It sounds like the title of a really bad horror movie, but it was a for-real curse that happened in 632BC.
There was at that time in Athens a famous Olympic victor called Cylon. Like many famous people to this day, Cylon assumed that fame in one field guaranteed success in another. He should have consulted with a career advisor, because unfortunately his chosen new life plan was to make himself the Tyrant of Athens.
In his defence, it must be said that Cylon was probably encouraged by his father-in-law, who happened to be the tyrant of a city called Megara, just up the road. Sometimes it can be really tough for a guy to impress the wife's family.
It all went horribly pear-shaped when Cylon gathered together his friends and attempted an armed takeover. He seems to have assumed the common people of Athens would flock to his leadership when they saw what was happening. But when the fighting began, the people of Athens were notable by their absence, and Cylon and his followers had to retreat to the temple of Athena atop the Acropolis. (Not the Parthenon. The Parthenon would not be built for another 200 years.)
Then Cylon managed to escape, leaving his hapless friends trapped inside the temple, to face the consequences of his ambition. By the end of the day, Cylon had set a new record for total leadership FAIL.
Now everyone had a problem. As long as the coup plotters stayed inside the temple, they were safe, because all Greek temples had sanctuary. Anyone who harmed a person under the protection of Athena was looking at some serious trouble. (Cylon's friends were neither the first nor last to rely on temple sanctuary for protection; it was perfectly normal for pursued criminals to make a beeline for the nearest altar.)
Negotiations began between the coup plotters and the archons (city officials). The archons convinced the men to come out, in return for a fair trial. I can't imagine what fair trial the plotters thought would result in them surviving, but presumably they planned to argue it was all Cylon's fault.
There are different stories about what happened next. The most dramatic says the plotters emerged, tied to a rope which they'd fastened at the other end to the cult statue of Athena within the temple, to maintain their connection with the Goddess.
Another version says the archons swore before Athena that the plotters would have sanctuary while the law took its course. Either way, everyone agrees the men were under the protection of the Goddess when they emerged to go to the place of trial, which certainly would have been the adjoining rock of the Areopagus.
Among the archons was a man called Megacles, from the genos (family) Alcmaeonidae (ALC-MAY-ON-ID-AY). When the friends of Cylon were out in the open, the archon Megacles and all the men of his family fell upon them and killed them.
No one cared about the dead plotters, but the men of the Alcmaeonidae had just broken the sacred sanctuary, and that was a big deal. A very big deal.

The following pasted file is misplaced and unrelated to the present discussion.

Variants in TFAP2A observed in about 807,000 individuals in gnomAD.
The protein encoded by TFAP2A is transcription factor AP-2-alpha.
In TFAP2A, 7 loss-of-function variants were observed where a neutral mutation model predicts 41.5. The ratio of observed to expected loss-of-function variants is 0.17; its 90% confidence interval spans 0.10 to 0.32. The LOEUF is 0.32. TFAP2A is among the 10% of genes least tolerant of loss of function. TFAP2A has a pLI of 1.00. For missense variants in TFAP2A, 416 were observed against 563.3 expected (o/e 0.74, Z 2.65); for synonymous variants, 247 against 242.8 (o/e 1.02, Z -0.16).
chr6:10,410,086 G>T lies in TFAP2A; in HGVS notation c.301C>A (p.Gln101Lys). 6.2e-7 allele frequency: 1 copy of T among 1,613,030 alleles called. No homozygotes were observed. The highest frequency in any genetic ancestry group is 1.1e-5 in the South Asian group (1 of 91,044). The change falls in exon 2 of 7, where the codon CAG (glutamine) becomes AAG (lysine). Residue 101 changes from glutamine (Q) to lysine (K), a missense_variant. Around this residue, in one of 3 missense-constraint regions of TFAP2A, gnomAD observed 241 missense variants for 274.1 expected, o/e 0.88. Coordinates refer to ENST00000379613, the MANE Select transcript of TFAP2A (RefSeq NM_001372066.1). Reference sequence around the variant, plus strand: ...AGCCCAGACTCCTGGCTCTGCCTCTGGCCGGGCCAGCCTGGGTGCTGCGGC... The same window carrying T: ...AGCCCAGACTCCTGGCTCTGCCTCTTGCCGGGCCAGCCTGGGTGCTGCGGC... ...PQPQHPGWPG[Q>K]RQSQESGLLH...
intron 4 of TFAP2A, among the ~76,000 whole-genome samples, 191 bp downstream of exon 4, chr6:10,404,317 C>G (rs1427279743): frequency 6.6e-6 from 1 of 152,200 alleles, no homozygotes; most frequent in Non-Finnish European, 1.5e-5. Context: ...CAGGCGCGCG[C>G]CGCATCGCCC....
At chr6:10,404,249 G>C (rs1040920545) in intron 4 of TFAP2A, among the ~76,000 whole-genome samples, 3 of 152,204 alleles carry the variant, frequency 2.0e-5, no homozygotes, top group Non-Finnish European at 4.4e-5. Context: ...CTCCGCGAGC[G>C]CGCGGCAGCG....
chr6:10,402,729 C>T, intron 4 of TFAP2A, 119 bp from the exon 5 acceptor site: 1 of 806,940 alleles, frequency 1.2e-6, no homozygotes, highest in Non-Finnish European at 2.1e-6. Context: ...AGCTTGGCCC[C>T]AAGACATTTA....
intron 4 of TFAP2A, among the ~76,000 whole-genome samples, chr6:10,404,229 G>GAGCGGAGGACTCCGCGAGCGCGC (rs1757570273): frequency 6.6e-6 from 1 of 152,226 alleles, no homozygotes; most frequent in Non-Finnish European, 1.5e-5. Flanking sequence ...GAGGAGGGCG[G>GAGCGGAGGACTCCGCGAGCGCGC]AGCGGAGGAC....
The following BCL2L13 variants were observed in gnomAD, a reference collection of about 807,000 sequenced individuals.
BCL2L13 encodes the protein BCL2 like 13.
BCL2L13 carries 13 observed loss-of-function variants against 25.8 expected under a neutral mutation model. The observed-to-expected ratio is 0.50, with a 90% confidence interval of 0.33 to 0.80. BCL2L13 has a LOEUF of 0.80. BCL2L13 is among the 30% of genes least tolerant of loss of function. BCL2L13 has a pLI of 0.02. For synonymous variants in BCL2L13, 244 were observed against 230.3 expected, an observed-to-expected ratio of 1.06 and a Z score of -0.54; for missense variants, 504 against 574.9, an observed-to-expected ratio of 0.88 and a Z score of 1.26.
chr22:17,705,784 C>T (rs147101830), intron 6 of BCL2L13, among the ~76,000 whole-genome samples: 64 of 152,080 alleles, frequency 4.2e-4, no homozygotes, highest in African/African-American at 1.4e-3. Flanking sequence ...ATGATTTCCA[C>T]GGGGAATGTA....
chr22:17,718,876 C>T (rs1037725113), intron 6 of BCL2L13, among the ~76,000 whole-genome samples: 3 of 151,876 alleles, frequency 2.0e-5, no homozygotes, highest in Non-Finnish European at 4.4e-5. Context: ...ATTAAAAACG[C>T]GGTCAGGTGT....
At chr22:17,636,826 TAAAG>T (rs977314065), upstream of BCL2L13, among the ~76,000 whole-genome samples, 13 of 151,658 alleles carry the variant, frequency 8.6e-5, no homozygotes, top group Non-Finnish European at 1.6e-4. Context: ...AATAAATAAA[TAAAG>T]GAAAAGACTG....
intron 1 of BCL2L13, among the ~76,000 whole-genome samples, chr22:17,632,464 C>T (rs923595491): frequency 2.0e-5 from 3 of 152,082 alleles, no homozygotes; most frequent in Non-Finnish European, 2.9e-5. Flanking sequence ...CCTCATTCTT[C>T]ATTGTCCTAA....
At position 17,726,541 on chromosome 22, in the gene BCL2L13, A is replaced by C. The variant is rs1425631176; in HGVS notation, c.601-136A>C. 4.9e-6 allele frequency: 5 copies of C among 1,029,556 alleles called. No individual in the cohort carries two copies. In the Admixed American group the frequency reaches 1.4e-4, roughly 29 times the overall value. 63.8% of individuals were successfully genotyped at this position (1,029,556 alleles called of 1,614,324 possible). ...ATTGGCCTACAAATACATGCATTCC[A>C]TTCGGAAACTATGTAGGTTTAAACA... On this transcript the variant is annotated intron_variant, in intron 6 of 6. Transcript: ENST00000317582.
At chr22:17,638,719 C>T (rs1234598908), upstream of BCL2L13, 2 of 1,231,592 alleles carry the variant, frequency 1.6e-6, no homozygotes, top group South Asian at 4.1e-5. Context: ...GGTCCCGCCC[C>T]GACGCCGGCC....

Megacles claimed (in the rope version) that they'd seen the rope break, meaning Athena had repudiated her protection. But that weak excuse didn't wash.
At once a curse fell upon the family - in Greek, a miasma - and not just upon the men who committed the crime, but upon every member of the family. And not just those living, but every man, woman and child to be born into the family forever after.
This crime was so bad that the Alcmaeonidae were, in fact, eternally cursed.
To expiate the sacrilege, and to avoid a furious Athena from destroying her own city, Megacles and the Alcmaeonidae were expelled from Athens.
Then they dug up the remains of dead members of the family and threw them out too.
That's the way things stayed for 40 years, until Solon the Wise allowed the family to return, because Solon was a weak-kneed, bleeding heart, soft-on-crime wimp. Or so the dissenting Athenians thought as the accursed family walked back in the gates. Nevertheless Athens failed to be destroyed by the Alcmaeonid presence, and things settled down.
Now the Alcmaeonidae were destined to become a driving force behind democracy. Note that the crime for which they'd been cursed was the ruthless slaughter of would-be tyrants.
Eighty years later, a tyrant did manage to take Athens, and the Alcmaeonidae had a very uneasy relationship with him. The family head at the time - another Megacles - married his daughter to the tyrant, which kept the peace for a while, but eventually the Alcmaeonidae were instrumental in removing this tyranny too. Supporting freedom was obviously a family tradition.
Then an Alcmaeonid called Cleisthenes introduced the democratic reforms which led to full democracy 50 years later under Ephialtes. When Ephialtes died, he was replaced by Pericles, who was...you guessed it...an Alcmaeonid on his mother's side.
But it didn't matter how successful the Alcmaeonidae became; whenever a member of the family was put in charge of anything, someone was bound to ask, "But what of the curse?" Even the Spartans raised it when they were dealing with Pericles, 200 years after the crime.
It must be pointed out that the curse on the family was eternal. Which means their descendants living today, of which there must surely be some, are in fact, cursed.